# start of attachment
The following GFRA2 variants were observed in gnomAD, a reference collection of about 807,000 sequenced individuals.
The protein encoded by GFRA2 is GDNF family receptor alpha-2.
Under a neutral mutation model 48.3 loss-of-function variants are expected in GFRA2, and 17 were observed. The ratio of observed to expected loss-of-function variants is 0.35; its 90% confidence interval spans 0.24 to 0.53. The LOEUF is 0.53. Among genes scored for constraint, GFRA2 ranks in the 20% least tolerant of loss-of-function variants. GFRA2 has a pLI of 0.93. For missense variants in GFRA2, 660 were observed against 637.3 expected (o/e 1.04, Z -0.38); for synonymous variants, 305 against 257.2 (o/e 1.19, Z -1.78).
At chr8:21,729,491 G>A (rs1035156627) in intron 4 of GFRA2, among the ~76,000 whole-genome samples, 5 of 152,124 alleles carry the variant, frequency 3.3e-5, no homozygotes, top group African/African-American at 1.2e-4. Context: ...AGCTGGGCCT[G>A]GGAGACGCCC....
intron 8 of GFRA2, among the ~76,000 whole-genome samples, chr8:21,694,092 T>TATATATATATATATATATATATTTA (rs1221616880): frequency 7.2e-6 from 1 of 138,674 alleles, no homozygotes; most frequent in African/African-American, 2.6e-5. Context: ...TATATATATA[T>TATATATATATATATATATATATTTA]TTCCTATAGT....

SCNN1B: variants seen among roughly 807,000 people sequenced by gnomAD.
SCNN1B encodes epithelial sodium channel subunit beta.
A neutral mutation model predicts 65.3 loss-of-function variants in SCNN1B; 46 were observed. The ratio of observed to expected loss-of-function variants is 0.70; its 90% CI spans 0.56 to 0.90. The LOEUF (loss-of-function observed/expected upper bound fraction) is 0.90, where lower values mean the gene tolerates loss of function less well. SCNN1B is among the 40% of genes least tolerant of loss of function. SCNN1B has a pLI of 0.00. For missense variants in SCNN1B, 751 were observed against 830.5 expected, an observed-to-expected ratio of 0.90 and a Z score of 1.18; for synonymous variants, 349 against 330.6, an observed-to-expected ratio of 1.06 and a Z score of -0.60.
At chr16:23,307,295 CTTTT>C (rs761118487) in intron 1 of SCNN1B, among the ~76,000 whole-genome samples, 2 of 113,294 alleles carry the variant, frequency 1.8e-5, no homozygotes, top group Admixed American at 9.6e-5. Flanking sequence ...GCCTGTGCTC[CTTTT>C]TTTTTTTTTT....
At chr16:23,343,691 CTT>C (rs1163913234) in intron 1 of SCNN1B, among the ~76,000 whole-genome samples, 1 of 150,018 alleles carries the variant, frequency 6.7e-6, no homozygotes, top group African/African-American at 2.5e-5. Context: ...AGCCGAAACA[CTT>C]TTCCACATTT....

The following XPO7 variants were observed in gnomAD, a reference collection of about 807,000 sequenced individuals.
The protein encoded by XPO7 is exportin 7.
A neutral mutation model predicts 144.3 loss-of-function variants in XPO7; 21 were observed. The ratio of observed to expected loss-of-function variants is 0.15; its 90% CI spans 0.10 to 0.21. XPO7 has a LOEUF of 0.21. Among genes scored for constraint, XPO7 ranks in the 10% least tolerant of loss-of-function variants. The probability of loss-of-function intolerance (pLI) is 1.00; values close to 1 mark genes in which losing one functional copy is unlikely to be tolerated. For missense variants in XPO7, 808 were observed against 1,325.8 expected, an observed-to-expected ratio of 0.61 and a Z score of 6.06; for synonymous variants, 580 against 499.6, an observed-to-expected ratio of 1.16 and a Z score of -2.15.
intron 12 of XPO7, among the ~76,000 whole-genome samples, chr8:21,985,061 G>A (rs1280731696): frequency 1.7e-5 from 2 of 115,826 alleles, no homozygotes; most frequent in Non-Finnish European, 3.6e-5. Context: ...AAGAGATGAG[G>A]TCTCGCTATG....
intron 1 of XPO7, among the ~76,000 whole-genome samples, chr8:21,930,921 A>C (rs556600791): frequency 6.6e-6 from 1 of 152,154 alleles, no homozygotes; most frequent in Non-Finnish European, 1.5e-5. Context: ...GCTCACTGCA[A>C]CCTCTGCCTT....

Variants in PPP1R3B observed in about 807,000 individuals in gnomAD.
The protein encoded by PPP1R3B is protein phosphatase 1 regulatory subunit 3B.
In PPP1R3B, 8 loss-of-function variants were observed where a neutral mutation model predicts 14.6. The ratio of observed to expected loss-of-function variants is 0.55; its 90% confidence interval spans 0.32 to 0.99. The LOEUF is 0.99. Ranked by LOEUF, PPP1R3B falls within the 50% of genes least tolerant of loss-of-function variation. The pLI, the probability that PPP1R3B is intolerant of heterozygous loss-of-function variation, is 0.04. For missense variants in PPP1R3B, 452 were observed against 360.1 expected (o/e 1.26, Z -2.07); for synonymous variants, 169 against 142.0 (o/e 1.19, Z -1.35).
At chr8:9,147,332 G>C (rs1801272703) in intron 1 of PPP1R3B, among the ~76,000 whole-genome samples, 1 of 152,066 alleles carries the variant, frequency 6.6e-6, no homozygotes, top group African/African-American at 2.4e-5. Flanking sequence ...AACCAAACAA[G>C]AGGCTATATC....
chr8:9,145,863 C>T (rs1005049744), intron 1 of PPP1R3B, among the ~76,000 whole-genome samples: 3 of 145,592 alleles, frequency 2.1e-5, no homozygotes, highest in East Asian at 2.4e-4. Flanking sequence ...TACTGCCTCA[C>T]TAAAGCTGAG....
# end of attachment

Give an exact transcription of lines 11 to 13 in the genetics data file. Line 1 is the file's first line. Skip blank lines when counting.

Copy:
The following XPO7 variants were observed in gnomAD, a reference collection of about 807,000 sequenced individuals.
The protein encoded by XPO7 is exportin 7.
A neutral mutation model predicts 144.3 loss-of-function variants in XPO7; 21 were observed. The ratio of observed to expected loss-of-function variants is 0.15; its 90% CI spans 0.10 to 0.21. XPO7 has a LOEUF of 0.21. Among genes scored for constraint, XPO7 ranks in the 10% least tolerant of loss-of-function variants. The probability of loss-of-function intolerance (pLI) is 1.00; values close to 1 mark genes in which losing one functional copy is unlikely to be tolerated. For missense variants in XPO7, 808 were observed against 1,325.8 expected, an observed-to-expected ratio of 0.61 and a Z score of 6.06; for synonymous variants, 580 against 499.6, an observed-to-expected ratio of 1.16 and a Z score of -2.15.